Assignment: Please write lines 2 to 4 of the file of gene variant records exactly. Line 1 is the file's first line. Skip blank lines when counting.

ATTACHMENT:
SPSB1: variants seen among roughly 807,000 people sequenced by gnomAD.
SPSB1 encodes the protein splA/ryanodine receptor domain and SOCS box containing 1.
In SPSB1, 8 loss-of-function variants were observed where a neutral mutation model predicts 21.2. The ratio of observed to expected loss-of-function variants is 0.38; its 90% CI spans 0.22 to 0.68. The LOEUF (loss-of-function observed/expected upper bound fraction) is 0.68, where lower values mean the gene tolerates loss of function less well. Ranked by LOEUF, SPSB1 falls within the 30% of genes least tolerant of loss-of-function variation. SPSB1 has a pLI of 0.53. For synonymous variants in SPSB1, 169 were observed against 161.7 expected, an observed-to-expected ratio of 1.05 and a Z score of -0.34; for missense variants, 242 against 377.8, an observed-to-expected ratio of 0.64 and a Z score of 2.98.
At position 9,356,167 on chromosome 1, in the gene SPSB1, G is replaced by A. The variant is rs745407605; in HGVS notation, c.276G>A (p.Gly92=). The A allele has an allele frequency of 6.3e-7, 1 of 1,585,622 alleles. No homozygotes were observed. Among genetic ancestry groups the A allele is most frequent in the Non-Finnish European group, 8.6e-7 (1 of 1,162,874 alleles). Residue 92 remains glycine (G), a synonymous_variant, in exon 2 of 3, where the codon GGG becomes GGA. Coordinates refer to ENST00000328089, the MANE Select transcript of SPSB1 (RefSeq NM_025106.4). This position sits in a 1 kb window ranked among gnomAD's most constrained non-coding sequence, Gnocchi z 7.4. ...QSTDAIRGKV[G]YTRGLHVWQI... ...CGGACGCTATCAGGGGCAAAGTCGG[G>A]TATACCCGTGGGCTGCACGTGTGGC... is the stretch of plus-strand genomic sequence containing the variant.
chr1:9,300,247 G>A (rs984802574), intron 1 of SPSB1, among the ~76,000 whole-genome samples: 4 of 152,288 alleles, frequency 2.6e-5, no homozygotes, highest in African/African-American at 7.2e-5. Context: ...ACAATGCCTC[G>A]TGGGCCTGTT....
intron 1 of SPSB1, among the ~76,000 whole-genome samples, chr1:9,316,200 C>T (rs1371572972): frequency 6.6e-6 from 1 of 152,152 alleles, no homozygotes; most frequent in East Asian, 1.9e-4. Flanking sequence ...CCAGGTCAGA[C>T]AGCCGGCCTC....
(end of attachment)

SPSB1 encodes the protein splA/ryanodine receptor domain and SOCS box containing 1.
In SPSB1, 8 loss-of-function variants were observed where a neutral mutation model predicts 21.2. The ratio of observed to expected loss-of-function variants is 0.38; its 90% CI spans 0.22 to 0.68. The LOEUF (loss-of-function observed/expected upper bound fraction) is 0.68, where lower values mean the gene tolerates loss of function less well. Ranked by LOEUF, SPSB1 falls within the 30% of genes least tolerant of loss-of-function variation. SPSB1 has a pLI of 0.53. For synonymous variants in SPSB1, 169 were observed against 161.7 expected, an observed-to-expected ratio of 1.05 and a Z score of -0.34; for missense variants, 242 against 377.8, an observed-to-expected ratio of 0.64 and a Z score of 2.98.
At position 9,356,167 on chromosome 1, in the gene SPSB1, G is replaced by A. The variant is rs745407605; in HGVS notation, c.276G>A (p.Gly92=). The A allele has an allele frequency of 6.3e-7, 1 of 1,585,622 alleles. No homozygotes were observed. Among genetic ancestry groups the A allele is most frequent in the Non-Finnish European group, 8.6e-7 (1 of 1,162,874 alleles). Residue 92 remains glycine (G), a synonymous_variant, in exon 2 of 3, where the codon GGG becomes GGA. Coordinates refer to ENST00000328089, the MANE Select transcript of SPSB1 (RefSeq NM_025106.4). This position sits in a 1 kb window ranked among gnomAD's most constrained non-coding sequence, Gnocchi z 7.4. ...QSTDAIRGKV[G]YTRGLHVWQI... ...CGGACGCTATCAGGGGCAAAGTCGG[G>A]TATACCCGTGGGCTGCACGTGTGGC... is the stretch of plus-strand genomic sequence containing the variant.